# How can I generate this pattern of numbers?

Given inputs 1-32 how can I generate the below output?

in. out

1. 1
2. 1
3. 1
4. 1
5. 2
6. 2
7. 2
8. 2
9. 1
10. 1
11. 1
12. 1
13. 2
14. 2
15. 2
16. 2 ...

Edit Not Homework.. just lack of sleep.

I am working in C#, but I was looking for a language agnostic algorithm.

Edit 2 To provide a bit more background... I have an array of 32 items that represents a two dimensional checkerboard. I needed the last part of this algorithm to convert between the vector and the graph, where the index aligns on the black squares on the checkerboard.

Final Code:

`````` --Index;
int row = Index >> 2;
int col = 2 * Index - (((Index & 0x04) >> 2 == 1) ? 2 : 1);
``````
-
Could you just clarify what language you need it. I think you got a lot of plausible answer below, but do you use one of those? –  David Brunelle Nov 30 '09 at 15:36
Is this homework? Many of the answers below are correct but so much more complicated than the question that I doubt you will be able to explain them to your teacher ... :-) –  Rasmus Kaj Nov 30 '09 at 15:40
You couldn't show us all 32 ins and outs? –  Nosredna Nov 30 '09 at 15:57

## 15 Answers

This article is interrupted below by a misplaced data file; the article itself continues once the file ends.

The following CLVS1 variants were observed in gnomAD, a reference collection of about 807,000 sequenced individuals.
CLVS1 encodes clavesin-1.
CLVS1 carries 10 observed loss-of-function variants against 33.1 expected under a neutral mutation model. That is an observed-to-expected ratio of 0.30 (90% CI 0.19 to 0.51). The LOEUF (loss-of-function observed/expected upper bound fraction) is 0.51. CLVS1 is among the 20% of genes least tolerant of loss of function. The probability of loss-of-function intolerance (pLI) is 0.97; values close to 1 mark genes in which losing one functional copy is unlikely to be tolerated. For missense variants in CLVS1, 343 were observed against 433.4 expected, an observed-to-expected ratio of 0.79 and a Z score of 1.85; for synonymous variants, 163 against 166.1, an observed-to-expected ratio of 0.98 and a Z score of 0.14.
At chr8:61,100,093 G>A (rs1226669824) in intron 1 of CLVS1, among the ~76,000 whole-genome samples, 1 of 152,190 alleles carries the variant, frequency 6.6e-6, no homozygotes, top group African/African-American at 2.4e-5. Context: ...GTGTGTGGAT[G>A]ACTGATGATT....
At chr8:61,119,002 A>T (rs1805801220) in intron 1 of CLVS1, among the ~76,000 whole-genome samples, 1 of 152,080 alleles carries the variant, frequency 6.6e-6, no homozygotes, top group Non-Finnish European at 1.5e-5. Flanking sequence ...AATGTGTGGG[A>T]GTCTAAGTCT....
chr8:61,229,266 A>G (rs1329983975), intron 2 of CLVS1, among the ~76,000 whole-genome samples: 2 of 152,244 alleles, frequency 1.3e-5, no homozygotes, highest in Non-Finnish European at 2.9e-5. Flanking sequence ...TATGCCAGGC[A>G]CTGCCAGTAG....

Assuming that you can use bitwise operators you can check what the numbers with same output have in common, in this case I preferred using input 0-31 because it's simpler (you can just subtract 1 to actual values)

What you have?

``````0x0000 -> 1
0x0001 -> 1
0x0010 -> 1
0x0011 -> 1
0x0100 -> 2
0x0101 -> 2
0x0110 -> 2
0x0111 -> 2
0x1000 -> 1
0x1001 -> 1
0x1010 -> 1
0x1011 -> 1
0x1100 -> 2
...
``````

It's quite easy if you notice that third bit is always `0` when output should be `1` and viceversa it's always `1` when output should be `2`

so:

``````char codify(char input)
{
return ((((input-1)&0x04)>>2 == 1)?(2):(1));
}
``````

EDIT

As suggested by comment it should work also with

``````char codify(char input)
{
return ((input-1 & 0x04)?(2):(1));
}
``````

because in some languages (like C) `0` will evaluate to `false` and any other value to `true`. I'm not sure if it works in C# too because I've never programmed in that language. Of course this is not a language-agnostic answer but it's more C-elegant!

-
Excellent, thanks! –  Nescio Nov 30 '09 at 15:35
Why not: return (input - 1) & 4 == 4 ? 2 : 1; –  FogleBird Nov 30 '09 at 15:55
Because I'm used to approach mask, shift and check.. it's just personal taste, isnt't? –  Jack Nov 30 '09 at 15:57